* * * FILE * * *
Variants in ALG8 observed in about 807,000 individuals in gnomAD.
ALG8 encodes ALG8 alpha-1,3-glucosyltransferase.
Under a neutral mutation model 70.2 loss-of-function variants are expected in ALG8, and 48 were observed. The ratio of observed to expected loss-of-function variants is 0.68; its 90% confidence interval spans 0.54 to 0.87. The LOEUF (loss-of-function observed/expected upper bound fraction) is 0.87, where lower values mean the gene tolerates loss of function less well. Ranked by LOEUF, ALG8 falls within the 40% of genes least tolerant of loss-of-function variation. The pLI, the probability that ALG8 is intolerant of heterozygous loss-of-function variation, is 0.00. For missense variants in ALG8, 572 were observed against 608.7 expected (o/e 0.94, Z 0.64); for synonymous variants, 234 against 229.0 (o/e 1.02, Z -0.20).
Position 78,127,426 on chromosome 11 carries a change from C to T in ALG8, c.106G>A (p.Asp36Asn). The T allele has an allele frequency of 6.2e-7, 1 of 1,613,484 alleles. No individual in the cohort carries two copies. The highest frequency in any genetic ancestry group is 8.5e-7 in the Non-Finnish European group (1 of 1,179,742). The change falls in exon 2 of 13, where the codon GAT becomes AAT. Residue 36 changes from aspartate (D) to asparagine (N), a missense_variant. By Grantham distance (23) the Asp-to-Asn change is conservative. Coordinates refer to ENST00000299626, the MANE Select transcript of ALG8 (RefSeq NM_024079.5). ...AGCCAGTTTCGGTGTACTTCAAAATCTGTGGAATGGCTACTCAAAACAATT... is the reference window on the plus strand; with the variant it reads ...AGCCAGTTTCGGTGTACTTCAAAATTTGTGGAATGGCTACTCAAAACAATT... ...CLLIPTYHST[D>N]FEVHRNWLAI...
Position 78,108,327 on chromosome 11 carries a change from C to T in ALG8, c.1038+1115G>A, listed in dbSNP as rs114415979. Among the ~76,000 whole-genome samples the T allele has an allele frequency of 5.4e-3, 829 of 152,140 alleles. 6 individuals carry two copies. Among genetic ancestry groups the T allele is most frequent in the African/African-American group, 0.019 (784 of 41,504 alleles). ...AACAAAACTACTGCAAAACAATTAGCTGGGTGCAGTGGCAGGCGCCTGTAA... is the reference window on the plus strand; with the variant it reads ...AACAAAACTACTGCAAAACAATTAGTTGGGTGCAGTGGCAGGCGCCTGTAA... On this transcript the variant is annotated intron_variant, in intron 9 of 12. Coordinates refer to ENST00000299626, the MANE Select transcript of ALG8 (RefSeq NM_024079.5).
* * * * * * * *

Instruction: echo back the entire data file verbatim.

Variants in ALG8 observed in about 807,000 individuals in gnomAD.
ALG8 encodes ALG8 alpha-1,3-glucosyltransferase.
Under a neutral mutation model 70.2 loss-of-function variants are expected in ALG8, and 48 were observed. The ratio of observed to expected loss-of-function variants is 0.68; its 90% confidence interval spans 0.54 to 0.87. The LOEUF (loss-of-function observed/expected upper bound fraction) is 0.87, where lower values mean the gene tolerates loss of function less well. Ranked by LOEUF, ALG8 falls within the 40% of genes least tolerant of loss-of-function variation. The pLI, the probability that ALG8 is intolerant of heterozygous loss-of-function variation, is 0.00. For missense variants in ALG8, 572 were observed against 608.7 expected (o/e 0.94, Z 0.64); for synonymous variants, 234 against 229.0 (o/e 1.02, Z -0.20).
Position 78,127,426 on chromosome 11 carries a change from C to T in ALG8, c.106G>A (p.Asp36Asn). The T allele has an allele frequency of 6.2e-7, 1 of 1,613,484 alleles. No individual in the cohort carries two copies. The highest frequency in any genetic ancestry group is 8.5e-7 in the Non-Finnish European group (1 of 1,179,742). The change falls in exon 2 of 13, where the codon GAT becomes AAT. Residue 36 changes from aspartate (D) to asparagine (N), a missense_variant. By Grantham distance (23) the Asp-to-Asn change is conservative. Coordinates refer to ENST00000299626, the MANE Select transcript of ALG8 (RefSeq NM_024079.5). ...AGCCAGTTTCGGTGTACTTCAAAATCTGTGGAATGGCTACTCAAAACAATT... is the reference window on the plus strand; with the variant it reads ...AGCCAGTTTCGGTGTACTTCAAAATTTGTGGAATGGCTACTCAAAACAATT... ...CLLIPTYHST[D>N]FEVHRNWLAI...
Position 78,108,327 on chromosome 11 carries a change from C to T in ALG8, c.1038+1115G>A, listed in dbSNP as rs114415979. Among the ~76,000 whole-genome samples the T allele has an allele frequency of 5.4e-3, 829 of 152,140 alleles. 6 individuals carry two copies. Among genetic ancestry groups the T allele is most frequent in the African/African-American group, 0.019 (784 of 41,504 alleles). ...AACAAAACTACTGCAAAACAATTAGCTGGGTGCAGTGGCAGGCGCCTGTAA... is the reference window on the plus strand; with the variant it reads ...AACAAAACTACTGCAAAACAATTAGTTGGGTGCAGTGGCAGGCGCCTGTAA... On this transcript the variant is annotated intron_variant, in intron 9 of 12. Coordinates refer to ENST00000299626, the MANE Select transcript of ALG8 (RefSeq NM_024079.5).